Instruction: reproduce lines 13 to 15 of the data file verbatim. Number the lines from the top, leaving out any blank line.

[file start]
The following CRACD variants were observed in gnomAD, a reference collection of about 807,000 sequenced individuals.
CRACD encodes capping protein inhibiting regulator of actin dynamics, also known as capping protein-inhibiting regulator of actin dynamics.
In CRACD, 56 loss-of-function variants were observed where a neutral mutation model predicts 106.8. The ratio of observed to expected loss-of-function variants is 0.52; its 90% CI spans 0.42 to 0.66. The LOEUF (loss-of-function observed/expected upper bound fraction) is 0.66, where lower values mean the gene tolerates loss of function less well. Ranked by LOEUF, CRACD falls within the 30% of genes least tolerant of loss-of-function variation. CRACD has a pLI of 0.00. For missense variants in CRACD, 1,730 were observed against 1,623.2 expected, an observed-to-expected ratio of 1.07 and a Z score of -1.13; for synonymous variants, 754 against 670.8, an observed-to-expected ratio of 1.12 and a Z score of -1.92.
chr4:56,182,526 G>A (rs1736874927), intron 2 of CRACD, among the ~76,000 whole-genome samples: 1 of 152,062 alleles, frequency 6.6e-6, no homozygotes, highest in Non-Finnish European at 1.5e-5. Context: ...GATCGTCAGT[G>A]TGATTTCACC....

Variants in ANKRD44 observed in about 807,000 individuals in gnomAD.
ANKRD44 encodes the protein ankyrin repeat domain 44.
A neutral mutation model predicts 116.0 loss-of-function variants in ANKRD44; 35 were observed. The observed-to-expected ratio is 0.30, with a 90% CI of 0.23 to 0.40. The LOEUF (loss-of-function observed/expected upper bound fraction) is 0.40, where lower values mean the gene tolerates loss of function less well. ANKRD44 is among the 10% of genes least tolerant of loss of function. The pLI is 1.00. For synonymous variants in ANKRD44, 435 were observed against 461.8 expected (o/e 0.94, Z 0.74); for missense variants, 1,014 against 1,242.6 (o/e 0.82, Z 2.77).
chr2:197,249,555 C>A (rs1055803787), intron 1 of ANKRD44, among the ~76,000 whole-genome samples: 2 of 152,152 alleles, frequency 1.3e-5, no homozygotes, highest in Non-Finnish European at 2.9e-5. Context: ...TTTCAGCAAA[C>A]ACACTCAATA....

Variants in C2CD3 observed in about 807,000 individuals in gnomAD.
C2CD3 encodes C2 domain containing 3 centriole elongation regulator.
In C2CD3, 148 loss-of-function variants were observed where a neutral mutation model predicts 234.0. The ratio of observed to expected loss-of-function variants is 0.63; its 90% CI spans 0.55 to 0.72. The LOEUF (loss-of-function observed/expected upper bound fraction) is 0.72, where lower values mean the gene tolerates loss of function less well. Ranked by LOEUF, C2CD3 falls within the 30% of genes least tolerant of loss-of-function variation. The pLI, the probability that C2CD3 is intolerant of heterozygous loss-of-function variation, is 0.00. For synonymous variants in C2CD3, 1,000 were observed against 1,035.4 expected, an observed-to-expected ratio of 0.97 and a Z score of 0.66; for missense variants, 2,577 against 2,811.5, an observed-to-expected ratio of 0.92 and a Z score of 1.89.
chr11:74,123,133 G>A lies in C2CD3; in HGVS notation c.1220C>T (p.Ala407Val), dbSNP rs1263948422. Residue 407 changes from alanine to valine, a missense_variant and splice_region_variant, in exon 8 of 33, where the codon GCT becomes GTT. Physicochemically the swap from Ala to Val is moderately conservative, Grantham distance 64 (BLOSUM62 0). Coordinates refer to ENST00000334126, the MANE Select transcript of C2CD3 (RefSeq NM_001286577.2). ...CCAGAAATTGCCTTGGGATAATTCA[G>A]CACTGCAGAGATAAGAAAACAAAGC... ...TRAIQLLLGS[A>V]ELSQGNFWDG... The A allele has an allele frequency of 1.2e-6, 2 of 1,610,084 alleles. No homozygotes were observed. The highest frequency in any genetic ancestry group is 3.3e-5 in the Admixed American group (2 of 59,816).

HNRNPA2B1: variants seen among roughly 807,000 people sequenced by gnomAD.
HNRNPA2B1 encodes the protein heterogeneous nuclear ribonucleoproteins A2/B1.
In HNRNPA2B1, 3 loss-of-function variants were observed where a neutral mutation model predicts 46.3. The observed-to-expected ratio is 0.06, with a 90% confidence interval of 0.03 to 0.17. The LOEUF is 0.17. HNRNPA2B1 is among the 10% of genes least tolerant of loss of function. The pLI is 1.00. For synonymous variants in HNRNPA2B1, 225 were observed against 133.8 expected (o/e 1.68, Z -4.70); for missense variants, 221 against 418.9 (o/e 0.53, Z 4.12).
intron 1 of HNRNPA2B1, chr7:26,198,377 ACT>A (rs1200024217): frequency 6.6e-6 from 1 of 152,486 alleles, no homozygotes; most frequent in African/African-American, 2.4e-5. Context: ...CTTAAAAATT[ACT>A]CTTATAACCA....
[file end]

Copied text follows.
HNRNPA2B1: variants seen among roughly 807,000 people sequenced by gnomAD.
HNRNPA2B1 encodes the protein heterogeneous nuclear ribonucleoproteins A2/B1.
In HNRNPA2B1, 3 loss-of-function variants were observed where a neutral mutation model predicts 46.3. The observed-to-expected ratio is 0.06, with a 90% confidence interval of 0.03 to 0.17. The LOEUF is 0.17. HNRNPA2B1 is among the 10% of genes least tolerant of loss of function. The pLI is 1.00. For synonymous variants in HNRNPA2B1, 225 were observed against 133.8 expected (o/e 1.68, Z -4.70); for missense variants, 221 against 418.9 (o/e 0.53, Z 4.12).